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Recurrent Molar in Five Consecutive Pregnancies – A Case Report

Authors Kumari S, Dhingra M , Ahmad SN , Singh A

Received 9 September 2019

Accepted for publication 20 February 2020

Published 9 March 2020 Volume 2020:12 Pages 171—174


Checked for plagiarism Yes

Review by Single anonymous peer review

Peer reviewer comments 2

Editor who approved publication: Professor Elie Al-Chaer

Snigdha Kumari,1 Mansi Dhingra,1 Syed Nawaz Ahmad,1 Anurag Singh2

1Department of Obstetrics and Gynecology, ESI PGIMSR, New Delhi, India; 2Lucknow Cancer Institute, Lucknow, India

Correspondence: Mansi Dhingra
Department of Obstetrics and Gynecology, ESI PGIMSR, Basaidarapur, 11/369, Sunder Vihar, New Delhi 110087, India
Tel +91- 7838800900
Email [email protected]

Abstract: Recurrent molar pregnancy is very rare. In this case report, we highlight a case of a patient who experienced five recurrent molar pregnancies without an intervening normal pregnancy. A 22-year-old patient was admitted to our labour room with a fifth consecutive molar pregnancy. The patient underwent suction and evacuation and was followed up with serial serum human chorionic gonadotropin (beta-hCG) estimation. The patient did not require chemotherapy. Karyotype of the patient and her husband was normal. Nonetheless, the couple was counselled for adoption.

Keywords: hydatidiform mole, recurrent molar pregnancy, gestational trophoblastic neoplasia


Hydatidiform mole (HM) is the most common form of gestational trophoblastic neoplasia, but its recurrence is very rare. Here, we highlight the case of a patient who experienced five consecutive molar pregnancies without even a single viable gestation in between them.

Case Report

A 22-year-old patient, married for four years, fifth gravida, previous four abortions presented at 11th week of gestation and, was diagnosed with a complete molar pregnancy on ultrasonography (as shown in Figure 1). She gave a history of four previous histologically confirmed molar pregnancies, the last evacuation being 10 months prior to the present pregnancy. Her family had no history of recurrent molar pregnancy. Her blood group was A positive; and her complete blood count, renal function tests, liver function tests and chest X- ray were normal. Serum TSH was 0.02 micro international units/mL and her beta HCG was more than 100,000 milli–international units/mL. Karyotyping of the patient and her husband was normal. After informed consent and arrangement for adequate blood, the patient underwent an uneventful suction and evacuation procedure. The histopathology picture of the products showed characteristic hydropic changes in villi, as shown in Figure 2. Post procedure, her serum human chorionic gonadotropin (beta-hCG) levels was measured weekly until undetectable and then monthly for 6 months. The patient was discharged on oral contraceptive pills and counselled for adoption.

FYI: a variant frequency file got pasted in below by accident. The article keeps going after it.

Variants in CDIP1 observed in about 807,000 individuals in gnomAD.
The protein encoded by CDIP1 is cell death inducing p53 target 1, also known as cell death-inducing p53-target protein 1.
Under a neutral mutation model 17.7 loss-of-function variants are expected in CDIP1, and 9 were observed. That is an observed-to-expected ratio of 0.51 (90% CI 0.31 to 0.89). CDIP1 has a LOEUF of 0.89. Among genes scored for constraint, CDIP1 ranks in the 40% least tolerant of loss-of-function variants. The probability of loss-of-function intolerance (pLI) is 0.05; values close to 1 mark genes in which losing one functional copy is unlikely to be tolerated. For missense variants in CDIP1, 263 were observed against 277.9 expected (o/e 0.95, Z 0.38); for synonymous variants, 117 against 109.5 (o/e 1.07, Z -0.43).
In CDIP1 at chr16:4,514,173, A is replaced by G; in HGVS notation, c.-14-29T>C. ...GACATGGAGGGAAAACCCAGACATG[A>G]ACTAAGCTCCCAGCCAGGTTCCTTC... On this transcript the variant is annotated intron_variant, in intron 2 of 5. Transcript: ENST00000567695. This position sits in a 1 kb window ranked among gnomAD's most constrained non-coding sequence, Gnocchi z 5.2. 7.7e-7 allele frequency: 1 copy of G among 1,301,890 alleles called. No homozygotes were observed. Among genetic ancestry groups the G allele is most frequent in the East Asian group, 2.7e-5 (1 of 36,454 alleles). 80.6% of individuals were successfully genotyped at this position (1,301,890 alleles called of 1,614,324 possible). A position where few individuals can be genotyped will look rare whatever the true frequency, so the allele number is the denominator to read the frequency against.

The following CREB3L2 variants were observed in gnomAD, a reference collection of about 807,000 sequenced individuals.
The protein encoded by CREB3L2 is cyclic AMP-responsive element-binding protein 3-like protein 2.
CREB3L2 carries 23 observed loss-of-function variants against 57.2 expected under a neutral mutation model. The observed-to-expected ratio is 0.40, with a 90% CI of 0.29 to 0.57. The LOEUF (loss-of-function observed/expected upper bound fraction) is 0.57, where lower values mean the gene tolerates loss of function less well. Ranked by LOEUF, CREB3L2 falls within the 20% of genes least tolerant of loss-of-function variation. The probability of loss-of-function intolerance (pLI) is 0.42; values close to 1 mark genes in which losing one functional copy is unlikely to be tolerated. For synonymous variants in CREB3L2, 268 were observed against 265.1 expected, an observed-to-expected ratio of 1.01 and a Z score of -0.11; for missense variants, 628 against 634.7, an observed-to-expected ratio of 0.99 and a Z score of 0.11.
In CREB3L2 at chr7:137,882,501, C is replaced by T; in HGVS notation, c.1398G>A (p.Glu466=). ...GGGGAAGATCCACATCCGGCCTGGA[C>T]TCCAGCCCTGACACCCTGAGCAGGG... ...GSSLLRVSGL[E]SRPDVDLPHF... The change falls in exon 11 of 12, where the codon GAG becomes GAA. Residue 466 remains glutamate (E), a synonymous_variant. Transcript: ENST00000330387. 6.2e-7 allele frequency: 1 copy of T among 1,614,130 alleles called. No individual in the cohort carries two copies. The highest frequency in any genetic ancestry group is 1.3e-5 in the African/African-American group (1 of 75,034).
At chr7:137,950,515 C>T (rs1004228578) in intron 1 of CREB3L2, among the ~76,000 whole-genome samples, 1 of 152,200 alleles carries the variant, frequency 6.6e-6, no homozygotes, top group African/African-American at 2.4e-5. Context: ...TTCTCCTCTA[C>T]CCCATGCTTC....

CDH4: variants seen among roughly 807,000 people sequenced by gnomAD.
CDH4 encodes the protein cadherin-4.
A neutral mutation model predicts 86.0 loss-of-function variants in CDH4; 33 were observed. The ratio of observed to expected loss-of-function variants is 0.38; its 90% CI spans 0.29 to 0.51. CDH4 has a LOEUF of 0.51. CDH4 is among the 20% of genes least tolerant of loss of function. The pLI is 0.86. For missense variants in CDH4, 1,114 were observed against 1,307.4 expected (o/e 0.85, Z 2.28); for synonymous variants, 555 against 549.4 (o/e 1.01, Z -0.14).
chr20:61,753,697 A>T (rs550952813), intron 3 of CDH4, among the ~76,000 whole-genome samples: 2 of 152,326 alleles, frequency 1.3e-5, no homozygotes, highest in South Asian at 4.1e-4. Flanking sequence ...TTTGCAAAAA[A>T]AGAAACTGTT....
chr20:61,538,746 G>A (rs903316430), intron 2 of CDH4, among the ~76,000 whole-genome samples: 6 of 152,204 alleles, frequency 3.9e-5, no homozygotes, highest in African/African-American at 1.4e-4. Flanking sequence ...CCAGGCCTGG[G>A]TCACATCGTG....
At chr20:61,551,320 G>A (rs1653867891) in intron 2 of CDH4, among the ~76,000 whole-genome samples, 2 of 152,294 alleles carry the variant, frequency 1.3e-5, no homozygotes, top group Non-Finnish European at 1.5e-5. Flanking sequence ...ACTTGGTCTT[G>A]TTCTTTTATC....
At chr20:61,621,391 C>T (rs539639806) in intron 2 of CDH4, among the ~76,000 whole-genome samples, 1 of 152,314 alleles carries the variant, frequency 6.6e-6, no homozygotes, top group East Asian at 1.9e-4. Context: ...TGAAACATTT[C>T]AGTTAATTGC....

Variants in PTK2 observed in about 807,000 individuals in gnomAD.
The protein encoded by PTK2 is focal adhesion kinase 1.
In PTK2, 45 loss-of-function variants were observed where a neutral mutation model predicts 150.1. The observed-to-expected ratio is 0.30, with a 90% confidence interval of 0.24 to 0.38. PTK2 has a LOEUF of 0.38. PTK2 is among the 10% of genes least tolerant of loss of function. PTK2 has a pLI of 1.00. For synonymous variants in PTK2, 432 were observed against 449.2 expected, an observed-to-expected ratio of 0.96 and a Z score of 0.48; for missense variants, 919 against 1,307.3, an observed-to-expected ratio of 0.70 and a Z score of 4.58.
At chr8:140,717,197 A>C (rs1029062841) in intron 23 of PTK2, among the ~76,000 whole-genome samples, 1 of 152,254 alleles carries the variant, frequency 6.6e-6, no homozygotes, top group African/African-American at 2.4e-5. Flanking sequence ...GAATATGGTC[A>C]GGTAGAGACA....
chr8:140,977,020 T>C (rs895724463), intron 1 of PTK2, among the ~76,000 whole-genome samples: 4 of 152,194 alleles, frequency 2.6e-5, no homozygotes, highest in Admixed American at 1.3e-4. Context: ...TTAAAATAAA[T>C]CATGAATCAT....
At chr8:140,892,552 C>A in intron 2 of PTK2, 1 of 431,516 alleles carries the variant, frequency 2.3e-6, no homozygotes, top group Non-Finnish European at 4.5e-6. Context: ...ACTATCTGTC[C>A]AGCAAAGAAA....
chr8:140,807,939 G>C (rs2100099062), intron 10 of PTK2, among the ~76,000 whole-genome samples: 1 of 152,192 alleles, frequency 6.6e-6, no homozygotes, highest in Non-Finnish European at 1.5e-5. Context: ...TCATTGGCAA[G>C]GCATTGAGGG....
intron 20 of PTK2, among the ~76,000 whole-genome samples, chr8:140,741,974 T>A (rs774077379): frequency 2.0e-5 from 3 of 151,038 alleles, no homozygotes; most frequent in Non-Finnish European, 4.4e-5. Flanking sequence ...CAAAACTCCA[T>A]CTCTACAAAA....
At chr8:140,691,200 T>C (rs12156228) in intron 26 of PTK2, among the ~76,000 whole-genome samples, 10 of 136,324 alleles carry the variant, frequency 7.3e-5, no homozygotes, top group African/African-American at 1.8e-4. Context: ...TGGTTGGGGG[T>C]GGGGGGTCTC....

Figure 1 TVS (Transvaginal sonography) picture of the patient showing a snowstorm appearance.

Figure 2 Hematoxylin and eosin (H & E) stained images of the products showing hydropic changes in the chorionic villi.


Hydatidiform mole (HM) is characterised by hydropic swelling of the placental villi, hyperplasia of villous trophoblast, and absent or abnormal foetal development. Hydatidiform moles occur as two types, complete and partial. Complete hydatidiform moles are most likely to result from the fertilisation of an empty egg, (ie one from which the nuclear material is either lost or inactivated), by a single haploid (23x chromosomes) sperm. This haploid set of chromosomes then duplicates to 46xx, so that the complete mole is homozygous and paternal in origin.1 Less frequently, the empty egg is fertilised by two separate sperms, resulting in either a 46xx or a 46xy heterozygous chromosomal constitution.2 In a partial hydatidiform mole, maternal chromosomes are present, along with 2 sets of paternal chromosome, leading to triploidy.3 Both these variants can turn malignant, however complete moles are more commonly involved in the cancerous process.

In India and the Middle East, the incidence of molar pregnancy is estimated at 1 in 160 pregnancies.4 In the UK, the rate is lower, at 1 in 600.14 After one molar pregnancy, the risk of a HM in a subsequent pregnancy increases only to ∼1–2%.5 However, this risk depends on the variant of the mole. Following a complete molar pregnancy, the risk of HM in the following pregnancy has been reported as 0.91 percent. The risk, however, seems to be lower, at 0.28 percent, following a partial mole in the prior pregnancy according to the literature. The risk can be further lowered if a molar pregnancy is followed by an intervening normal viable gestation. After two consecutive molar pregnancies, the risk increases to 23 percent.5 Approximately 80% of the second HMs are of the same histopathological type as the index mole.6